Complying With COAH Does Not Immunize Municipalities from Suit Over Affordable Housing

     Following the Fair Housing Act (FHA) and the regulations enacted by COAH under the Act, many municipalities believed that they could prevent developers from locating affordable housing in areas not specifically zoned for affordable housing by complying with the FHA and COAH regulations. And that may be true, in part. Municipalities that meet their fair share obligation under the FHA and COAH regulations are immune from builder’s remedy suits. But what about good old fashioned prerogative writ claims? Apparently not.

     In the recent decision of Homes of Hope, Inc. v. Eastampton Township Land Use Planning Board, the appellate court held that affordable housing constitutes an “inherently beneficial use” for the purposes of obtaining a use variance. This is true whether or not the municipality has met its fair share obligation under the FHA and COAH regulations, or not. 

     For practical purposes, if your affordable housing development requires a use variance, you must show that the proposed development satisfies both negative and positive criteria.  The decision in Homes of Hope means that the “positive criteria" requirement for granting a use variance is automatically satisfied, by the very fact that the proposed development is affordable housing. Developers will, of course, still need to satisfy the "negative criteria" requirement, or show that the proposed development would not be detrimental to the municipality in general or to the future residents of the development.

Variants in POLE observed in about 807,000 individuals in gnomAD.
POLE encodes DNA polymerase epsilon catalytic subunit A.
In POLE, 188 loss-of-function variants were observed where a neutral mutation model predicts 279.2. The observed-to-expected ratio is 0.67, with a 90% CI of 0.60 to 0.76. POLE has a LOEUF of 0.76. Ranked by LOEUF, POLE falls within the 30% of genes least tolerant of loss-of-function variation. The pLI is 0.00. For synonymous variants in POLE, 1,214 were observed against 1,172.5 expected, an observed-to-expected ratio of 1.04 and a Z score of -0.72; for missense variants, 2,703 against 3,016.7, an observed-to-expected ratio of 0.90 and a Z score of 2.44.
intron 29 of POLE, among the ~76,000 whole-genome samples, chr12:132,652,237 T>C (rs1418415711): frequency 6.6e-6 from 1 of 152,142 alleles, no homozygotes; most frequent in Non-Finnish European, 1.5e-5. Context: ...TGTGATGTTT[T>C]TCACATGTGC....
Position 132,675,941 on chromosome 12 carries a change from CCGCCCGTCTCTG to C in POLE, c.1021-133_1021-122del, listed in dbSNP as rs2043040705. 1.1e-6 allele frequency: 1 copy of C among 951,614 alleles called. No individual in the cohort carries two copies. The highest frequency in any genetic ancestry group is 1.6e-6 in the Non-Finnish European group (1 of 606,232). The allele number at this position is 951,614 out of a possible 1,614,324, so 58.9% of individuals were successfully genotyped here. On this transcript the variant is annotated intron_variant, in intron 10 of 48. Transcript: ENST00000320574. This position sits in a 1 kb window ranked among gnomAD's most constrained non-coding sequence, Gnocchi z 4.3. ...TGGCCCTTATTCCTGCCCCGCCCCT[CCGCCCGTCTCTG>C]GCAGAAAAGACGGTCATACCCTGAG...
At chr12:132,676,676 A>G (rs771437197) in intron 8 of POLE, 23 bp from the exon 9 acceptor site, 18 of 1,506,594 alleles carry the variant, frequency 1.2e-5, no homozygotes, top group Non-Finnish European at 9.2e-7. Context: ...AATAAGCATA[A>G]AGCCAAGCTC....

Camden County Property Taxes Highest in the State, 11th in the Nation

     One New Jersey county is on the cusp of cracking a Top 10 List that probably leaves little to be desired. 

     As reported in an article by Jim Walsh published in today's edition of the Courier-Post, (follow link here for online article) a new study published by the Washington D.C. based Tax Foundation has concluded that property taxes in Camden County are the highest in New Jersey and 11th highest in the nation (out of 790 "high population" counties) when measured as a percentage of a home's value.  The national median is nearly 1 percent (0.96%) - Camden County's was estimated at 2.33%. Following close behind were Gloucester County (31st), Salem County (32nd) and Burlington County (46th). 

     Not to be outdone, the North Jersey counties fared even better (or worse...) according to the Foundation's ranking of median property tax paid per owner-occupied home in 2008.  New Jersey had six of the top 10 counties (from 1 to 10, Westchester County, NY ($8,890); Nassau County, NY ($8,628); Hunterdon County, NJ ($8,492); Bergen County, NJ ($8,446); Rockland County, NY ($8,430); Essex County, NJ ($7,924); Somerset County, NJ ($7,743); Morris County, NJ ($7,557); Passaic County, NJ ($7,370); and Putnam County, NY ($7,324). The national median is $1,897.